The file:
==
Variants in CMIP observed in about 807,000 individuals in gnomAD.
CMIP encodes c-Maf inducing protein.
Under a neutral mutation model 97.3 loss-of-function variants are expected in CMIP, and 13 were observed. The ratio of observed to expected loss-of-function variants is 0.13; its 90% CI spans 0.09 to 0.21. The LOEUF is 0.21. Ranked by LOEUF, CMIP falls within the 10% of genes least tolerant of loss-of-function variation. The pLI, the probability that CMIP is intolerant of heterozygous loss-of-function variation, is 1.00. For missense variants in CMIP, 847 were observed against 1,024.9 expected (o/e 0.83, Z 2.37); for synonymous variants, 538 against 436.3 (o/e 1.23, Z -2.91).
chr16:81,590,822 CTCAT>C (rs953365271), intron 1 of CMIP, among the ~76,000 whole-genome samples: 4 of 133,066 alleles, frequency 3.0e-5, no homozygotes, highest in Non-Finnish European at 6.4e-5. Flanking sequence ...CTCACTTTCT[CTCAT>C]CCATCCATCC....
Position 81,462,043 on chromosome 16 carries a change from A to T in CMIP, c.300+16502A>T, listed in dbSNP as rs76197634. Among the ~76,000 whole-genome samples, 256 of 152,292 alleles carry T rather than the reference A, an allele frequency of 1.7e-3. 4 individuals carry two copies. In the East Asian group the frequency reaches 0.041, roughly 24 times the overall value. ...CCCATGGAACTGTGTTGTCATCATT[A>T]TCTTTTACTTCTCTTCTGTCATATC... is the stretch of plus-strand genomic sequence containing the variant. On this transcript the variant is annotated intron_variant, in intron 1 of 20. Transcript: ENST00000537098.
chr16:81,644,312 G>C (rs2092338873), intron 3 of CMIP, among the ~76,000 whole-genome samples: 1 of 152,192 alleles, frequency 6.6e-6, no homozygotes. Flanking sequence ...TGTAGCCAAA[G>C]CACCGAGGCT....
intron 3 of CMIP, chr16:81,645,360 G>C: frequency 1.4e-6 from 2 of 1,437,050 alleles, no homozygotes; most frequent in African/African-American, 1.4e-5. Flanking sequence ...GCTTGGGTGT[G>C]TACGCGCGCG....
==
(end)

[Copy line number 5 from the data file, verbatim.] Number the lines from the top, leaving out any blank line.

Position 81,462,043 on chromosome 16 carries a change from A to T in CMIP, c.300+16502A>T, listed in dbSNP as rs76197634. Among the ~76,000 whole-genome samples, 256 of 152,292 alleles carry T rather than the reference A, an allele frequency of 1.7e-3. 4 individuals carry two copies. In the East Asian group the frequency reaches 0.041, roughly 24 times the overall value. ...CCCATGGAACTGTGTTGTCATCATT[A>T]TCTTTTACTTCTCTTCTGTCATATC... is the stretch of plus-strand genomic sequence containing the variant. On this transcript the variant is annotated intron_variant, in intron 1 of 20. Transcript: ENST00000537098.